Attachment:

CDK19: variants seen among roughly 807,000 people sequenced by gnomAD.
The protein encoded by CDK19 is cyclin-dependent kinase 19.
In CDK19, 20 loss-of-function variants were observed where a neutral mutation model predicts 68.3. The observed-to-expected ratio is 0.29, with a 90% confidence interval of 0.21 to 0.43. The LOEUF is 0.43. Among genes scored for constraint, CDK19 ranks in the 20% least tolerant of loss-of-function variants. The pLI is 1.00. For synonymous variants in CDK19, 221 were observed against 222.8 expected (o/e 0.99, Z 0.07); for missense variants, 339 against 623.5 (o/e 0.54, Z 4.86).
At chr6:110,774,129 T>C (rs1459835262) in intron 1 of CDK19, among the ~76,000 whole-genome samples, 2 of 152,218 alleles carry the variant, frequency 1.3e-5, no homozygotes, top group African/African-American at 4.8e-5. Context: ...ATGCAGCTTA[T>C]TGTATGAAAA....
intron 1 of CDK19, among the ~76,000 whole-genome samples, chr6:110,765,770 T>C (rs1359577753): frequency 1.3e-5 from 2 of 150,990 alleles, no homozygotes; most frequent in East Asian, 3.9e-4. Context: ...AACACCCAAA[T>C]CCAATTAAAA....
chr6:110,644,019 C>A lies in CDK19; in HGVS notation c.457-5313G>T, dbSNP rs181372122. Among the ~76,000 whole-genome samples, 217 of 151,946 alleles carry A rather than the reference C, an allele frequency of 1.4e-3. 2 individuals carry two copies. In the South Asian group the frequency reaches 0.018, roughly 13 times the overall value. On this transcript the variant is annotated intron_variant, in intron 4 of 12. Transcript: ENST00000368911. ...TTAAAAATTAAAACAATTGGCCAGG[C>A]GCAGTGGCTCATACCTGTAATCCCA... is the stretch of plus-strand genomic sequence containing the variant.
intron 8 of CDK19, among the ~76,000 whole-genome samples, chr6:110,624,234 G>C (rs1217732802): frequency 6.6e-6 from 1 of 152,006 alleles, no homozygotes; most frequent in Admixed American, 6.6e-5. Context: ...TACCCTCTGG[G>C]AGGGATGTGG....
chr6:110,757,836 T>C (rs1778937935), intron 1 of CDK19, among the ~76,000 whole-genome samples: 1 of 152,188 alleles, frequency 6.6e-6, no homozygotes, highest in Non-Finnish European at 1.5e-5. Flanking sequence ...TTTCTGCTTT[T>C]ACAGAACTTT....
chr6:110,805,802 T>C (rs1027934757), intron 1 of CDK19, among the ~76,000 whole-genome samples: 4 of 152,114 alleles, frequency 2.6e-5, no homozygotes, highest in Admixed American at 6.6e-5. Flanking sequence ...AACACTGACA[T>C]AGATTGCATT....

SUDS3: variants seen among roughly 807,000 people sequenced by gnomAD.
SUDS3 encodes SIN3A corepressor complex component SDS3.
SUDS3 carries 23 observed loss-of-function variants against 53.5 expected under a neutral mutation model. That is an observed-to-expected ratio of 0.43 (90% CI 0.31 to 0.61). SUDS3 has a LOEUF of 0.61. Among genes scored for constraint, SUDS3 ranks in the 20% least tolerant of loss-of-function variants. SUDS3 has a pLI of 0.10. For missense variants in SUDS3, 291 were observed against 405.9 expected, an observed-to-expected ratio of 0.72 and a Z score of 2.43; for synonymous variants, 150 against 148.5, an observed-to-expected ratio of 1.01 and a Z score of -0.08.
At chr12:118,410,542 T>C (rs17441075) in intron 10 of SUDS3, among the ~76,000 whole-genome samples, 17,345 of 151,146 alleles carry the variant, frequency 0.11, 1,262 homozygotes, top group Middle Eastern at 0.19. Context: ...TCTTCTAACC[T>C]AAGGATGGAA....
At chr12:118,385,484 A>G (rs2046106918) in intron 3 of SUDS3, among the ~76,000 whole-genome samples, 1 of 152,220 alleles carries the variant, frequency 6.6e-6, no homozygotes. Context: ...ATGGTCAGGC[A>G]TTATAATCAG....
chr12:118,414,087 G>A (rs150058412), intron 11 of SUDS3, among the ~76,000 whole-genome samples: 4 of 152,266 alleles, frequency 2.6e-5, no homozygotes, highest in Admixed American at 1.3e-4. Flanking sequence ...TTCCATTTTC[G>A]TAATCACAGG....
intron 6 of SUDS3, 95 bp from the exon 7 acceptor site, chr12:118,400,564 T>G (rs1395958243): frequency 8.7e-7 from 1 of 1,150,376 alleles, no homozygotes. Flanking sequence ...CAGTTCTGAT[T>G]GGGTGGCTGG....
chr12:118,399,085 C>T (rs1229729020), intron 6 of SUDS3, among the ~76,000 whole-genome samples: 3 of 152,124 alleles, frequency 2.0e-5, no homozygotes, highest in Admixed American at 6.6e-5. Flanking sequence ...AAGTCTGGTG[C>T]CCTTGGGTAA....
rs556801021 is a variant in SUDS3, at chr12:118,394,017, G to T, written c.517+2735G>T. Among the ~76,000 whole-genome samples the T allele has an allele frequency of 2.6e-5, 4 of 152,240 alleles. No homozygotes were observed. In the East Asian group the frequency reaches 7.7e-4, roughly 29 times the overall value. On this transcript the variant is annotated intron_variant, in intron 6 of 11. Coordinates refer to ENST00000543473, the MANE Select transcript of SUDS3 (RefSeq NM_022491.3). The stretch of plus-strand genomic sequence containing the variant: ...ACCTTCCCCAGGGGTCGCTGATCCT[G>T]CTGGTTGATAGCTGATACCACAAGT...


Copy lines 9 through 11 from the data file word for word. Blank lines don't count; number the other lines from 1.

chr6:110,805,802 T>C (rs1027934757), intron 1 of CDK19, among the ~76,000 whole-genome samples: 4 of 152,114 alleles, frequency 2.6e-5, no homozygotes, highest in Admixed American at 6.6e-5. Flanking sequence ...AACACTGACA[T>C]AGATTGCATT....

SUDS3: variants seen among roughly 807,000 people sequenced by gnomAD.
SUDS3 encodes SIN3A corepressor complex component SDS3.